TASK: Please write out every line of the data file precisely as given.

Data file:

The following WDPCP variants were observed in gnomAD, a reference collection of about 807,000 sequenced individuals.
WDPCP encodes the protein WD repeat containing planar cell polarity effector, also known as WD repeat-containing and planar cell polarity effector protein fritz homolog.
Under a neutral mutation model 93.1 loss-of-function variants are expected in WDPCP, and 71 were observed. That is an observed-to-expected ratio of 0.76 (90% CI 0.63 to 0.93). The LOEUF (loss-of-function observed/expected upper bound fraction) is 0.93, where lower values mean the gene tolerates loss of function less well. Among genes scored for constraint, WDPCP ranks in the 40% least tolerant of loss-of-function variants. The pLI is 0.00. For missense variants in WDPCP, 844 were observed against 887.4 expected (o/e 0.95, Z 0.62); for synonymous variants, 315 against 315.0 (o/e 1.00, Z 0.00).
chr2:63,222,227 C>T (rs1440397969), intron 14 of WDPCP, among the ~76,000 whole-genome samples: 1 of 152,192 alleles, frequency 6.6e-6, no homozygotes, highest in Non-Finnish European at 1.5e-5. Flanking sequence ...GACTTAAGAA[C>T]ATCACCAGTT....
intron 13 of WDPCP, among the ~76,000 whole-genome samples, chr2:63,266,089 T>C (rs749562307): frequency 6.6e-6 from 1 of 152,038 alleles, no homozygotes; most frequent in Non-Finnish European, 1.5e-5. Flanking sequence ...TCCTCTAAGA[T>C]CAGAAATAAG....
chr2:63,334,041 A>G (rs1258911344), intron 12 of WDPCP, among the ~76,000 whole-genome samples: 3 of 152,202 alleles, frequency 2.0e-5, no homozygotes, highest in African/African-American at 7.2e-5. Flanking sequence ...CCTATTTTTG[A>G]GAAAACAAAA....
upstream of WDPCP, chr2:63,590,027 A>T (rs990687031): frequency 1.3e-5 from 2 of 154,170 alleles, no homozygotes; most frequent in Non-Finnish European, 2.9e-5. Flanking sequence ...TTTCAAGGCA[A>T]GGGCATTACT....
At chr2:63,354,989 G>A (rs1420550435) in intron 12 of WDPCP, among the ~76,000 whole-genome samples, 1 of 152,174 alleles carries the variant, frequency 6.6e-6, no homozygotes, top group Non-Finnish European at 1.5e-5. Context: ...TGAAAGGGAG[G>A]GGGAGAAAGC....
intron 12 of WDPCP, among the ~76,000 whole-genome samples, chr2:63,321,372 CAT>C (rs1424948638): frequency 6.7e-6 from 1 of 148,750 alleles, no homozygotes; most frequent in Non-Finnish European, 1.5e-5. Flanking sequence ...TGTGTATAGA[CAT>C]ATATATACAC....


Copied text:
The following WDPCP variants were observed in gnomAD, a reference collection of about 807,000 sequenced individuals.
WDPCP encodes the protein WD repeat containing planar cell polarity effector, also known as WD repeat-containing and planar cell polarity effector protein fritz homolog.
Under a neutral mutation model 93.1 loss-of-function variants are expected in WDPCP, and 71 were observed. That is an observed-to-expected ratio of 0.76 (90% CI 0.63 to 0.93). The LOEUF (loss-of-function observed/expected upper bound fraction) is 0.93, where lower values mean the gene tolerates loss of function less well. Among genes scored for constraint, WDPCP ranks in the 40% least tolerant of loss-of-function variants. The pLI is 0.00. For missense variants in WDPCP, 844 were observed against 887.4 expected (o/e 0.95, Z 0.62); for synonymous variants, 315 against 315.0 (o/e 1.00, Z 0.00).
chr2:63,222,227 C>T (rs1440397969), intron 14 of WDPCP, among the ~76,000 whole-genome samples: 1 of 152,192 alleles, frequency 6.6e-6, no homozygotes, highest in Non-Finnish European at 1.5e-5. Flanking sequence ...GACTTAAGAA[C>T]ATCACCAGTT....
intron 13 of WDPCP, among the ~76,000 whole-genome samples, chr2:63,266,089 T>C (rs749562307): frequency 6.6e-6 from 1 of 152,038 alleles, no homozygotes; most frequent in Non-Finnish European, 1.5e-5. Flanking sequence ...TCCTCTAAGA[T>C]CAGAAATAAG....
chr2:63,334,041 A>G (rs1258911344), intron 12 of WDPCP, among the ~76,000 whole-genome samples: 3 of 152,202 alleles, frequency 2.0e-5, no homozygotes, highest in African/African-American at 7.2e-5. Flanking sequence ...CCTATTTTTG[A>G]GAAAACAAAA....
upstream of WDPCP, chr2:63,590,027 A>T (rs990687031): frequency 1.3e-5 from 2 of 154,170 alleles, no homozygotes; most frequent in Non-Finnish European, 2.9e-5. Flanking sequence ...TTTCAAGGCA[A>T]GGGCATTACT....
At chr2:63,354,989 G>A (rs1420550435) in intron 12 of WDPCP, among the ~76,000 whole-genome samples, 1 of 152,174 alleles carries the variant, frequency 6.6e-6, no homozygotes, top group Non-Finnish European at 1.5e-5. Context: ...TGAAAGGGAG[G>A]GGGAGAAAGC....
intron 12 of WDPCP, among the ~76,000 whole-genome samples, chr2:63,321,372 CAT>C (rs1424948638): frequency 6.7e-6 from 1 of 148,750 alleles, no homozygotes; most frequent in Non-Finnish European, 1.5e-5. Flanking sequence ...TGTGTATAGA[CAT>C]ATATATACAC....